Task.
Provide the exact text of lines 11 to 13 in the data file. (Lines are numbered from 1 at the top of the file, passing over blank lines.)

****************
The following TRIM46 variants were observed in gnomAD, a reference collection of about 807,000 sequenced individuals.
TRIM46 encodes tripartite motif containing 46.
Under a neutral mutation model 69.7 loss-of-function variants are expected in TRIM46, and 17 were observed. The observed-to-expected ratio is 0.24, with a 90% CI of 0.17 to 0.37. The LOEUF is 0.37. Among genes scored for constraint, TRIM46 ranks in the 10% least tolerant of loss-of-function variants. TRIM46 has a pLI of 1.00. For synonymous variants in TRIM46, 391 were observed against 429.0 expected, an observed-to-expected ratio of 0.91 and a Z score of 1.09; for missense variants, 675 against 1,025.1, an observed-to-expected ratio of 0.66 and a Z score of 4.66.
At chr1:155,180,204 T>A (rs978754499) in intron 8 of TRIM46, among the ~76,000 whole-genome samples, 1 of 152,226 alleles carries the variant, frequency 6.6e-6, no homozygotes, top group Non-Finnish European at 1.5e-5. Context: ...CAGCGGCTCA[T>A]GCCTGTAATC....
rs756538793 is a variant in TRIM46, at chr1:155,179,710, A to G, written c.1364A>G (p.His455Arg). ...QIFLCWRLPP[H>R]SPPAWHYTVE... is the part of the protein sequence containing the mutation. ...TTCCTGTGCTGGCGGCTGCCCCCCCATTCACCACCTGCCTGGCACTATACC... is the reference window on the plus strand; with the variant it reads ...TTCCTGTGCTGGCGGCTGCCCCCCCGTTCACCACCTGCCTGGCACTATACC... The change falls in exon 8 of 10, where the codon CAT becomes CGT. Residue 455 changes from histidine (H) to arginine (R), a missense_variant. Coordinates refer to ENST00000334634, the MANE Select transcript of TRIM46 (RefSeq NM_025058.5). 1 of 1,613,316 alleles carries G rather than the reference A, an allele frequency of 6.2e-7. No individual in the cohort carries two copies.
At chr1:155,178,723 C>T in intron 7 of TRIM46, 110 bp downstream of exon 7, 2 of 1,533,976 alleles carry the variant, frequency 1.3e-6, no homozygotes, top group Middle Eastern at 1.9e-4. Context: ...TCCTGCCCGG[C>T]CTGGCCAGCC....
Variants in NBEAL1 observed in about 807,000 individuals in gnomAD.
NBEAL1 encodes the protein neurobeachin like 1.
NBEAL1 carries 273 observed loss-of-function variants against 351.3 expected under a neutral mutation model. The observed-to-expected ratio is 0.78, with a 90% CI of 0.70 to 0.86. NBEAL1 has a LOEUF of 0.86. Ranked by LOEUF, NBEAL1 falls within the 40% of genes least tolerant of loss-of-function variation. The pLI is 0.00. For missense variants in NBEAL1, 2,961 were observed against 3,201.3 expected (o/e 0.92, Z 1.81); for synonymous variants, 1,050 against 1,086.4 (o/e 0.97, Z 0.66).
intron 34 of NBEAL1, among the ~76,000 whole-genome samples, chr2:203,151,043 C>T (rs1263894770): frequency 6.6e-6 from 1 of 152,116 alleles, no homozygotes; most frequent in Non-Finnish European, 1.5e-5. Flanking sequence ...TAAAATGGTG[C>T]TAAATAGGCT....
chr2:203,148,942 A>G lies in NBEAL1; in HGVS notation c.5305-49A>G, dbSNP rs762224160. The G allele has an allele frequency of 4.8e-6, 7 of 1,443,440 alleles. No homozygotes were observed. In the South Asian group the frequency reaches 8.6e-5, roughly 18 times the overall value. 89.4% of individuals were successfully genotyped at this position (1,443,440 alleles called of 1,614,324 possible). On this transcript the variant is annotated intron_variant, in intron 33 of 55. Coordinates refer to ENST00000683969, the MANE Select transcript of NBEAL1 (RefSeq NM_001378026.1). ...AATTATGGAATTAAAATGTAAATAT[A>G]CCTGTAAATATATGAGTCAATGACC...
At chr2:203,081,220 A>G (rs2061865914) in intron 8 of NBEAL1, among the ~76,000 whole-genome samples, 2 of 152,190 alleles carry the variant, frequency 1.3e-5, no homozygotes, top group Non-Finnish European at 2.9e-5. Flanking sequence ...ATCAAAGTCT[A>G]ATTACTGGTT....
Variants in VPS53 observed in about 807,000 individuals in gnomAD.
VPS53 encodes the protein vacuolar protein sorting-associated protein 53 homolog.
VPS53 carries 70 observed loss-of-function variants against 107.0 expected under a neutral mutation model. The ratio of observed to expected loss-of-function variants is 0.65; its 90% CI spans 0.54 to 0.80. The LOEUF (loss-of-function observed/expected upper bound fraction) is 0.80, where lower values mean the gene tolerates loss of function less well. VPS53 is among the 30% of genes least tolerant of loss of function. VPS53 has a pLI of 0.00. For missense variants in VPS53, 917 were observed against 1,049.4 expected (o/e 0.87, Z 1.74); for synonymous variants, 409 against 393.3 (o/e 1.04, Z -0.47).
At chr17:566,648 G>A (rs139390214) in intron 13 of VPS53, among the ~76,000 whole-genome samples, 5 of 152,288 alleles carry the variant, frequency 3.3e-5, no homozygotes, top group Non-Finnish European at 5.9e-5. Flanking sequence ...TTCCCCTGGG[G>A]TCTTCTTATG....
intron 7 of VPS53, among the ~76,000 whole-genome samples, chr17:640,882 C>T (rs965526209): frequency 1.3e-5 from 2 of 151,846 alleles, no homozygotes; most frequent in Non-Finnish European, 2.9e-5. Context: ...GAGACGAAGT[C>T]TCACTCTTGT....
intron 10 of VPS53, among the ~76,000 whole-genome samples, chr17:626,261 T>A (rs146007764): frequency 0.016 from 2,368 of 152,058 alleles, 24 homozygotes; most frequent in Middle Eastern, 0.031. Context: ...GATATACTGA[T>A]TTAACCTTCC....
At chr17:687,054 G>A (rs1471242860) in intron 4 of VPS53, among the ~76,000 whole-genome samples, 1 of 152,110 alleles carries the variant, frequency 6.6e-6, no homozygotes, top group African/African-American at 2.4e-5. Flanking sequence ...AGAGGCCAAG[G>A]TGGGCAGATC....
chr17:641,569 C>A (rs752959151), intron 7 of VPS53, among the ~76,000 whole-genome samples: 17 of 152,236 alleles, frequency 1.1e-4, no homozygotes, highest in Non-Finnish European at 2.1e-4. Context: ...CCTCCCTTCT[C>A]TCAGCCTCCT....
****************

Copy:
chr2:203,148,942 A>G lies in NBEAL1; in HGVS notation c.5305-49A>G, dbSNP rs762224160. The G allele has an allele frequency of 4.8e-6, 7 of 1,443,440 alleles. No homozygotes were observed. In the South Asian group the frequency reaches 8.6e-5, roughly 18 times the overall value. 89.4% of individuals were successfully genotyped at this position (1,443,440 alleles called of 1,614,324 possible). On this transcript the variant is annotated intron_variant, in intron 33 of 55. Coordinates refer to ENST00000683969, the MANE Select transcript of NBEAL1 (RefSeq NM_001378026.1). ...AATTATGGAATTAAAATGTAAATAT[A>G]CCTGTAAATATATGAGTCAATGACC...
At chr2:203,081,220 A>G (rs2061865914) in intron 8 of NBEAL1, among the ~76,000 whole-genome samples, 2 of 152,190 alleles carry the variant, frequency 1.3e-5, no homozygotes, top group Non-Finnish European at 2.9e-5. Flanking sequence ...ATCAAAGTCT[A>G]ATTACTGGTT....
Variants in VPS53 observed in about 807,000 individuals in gnomAD.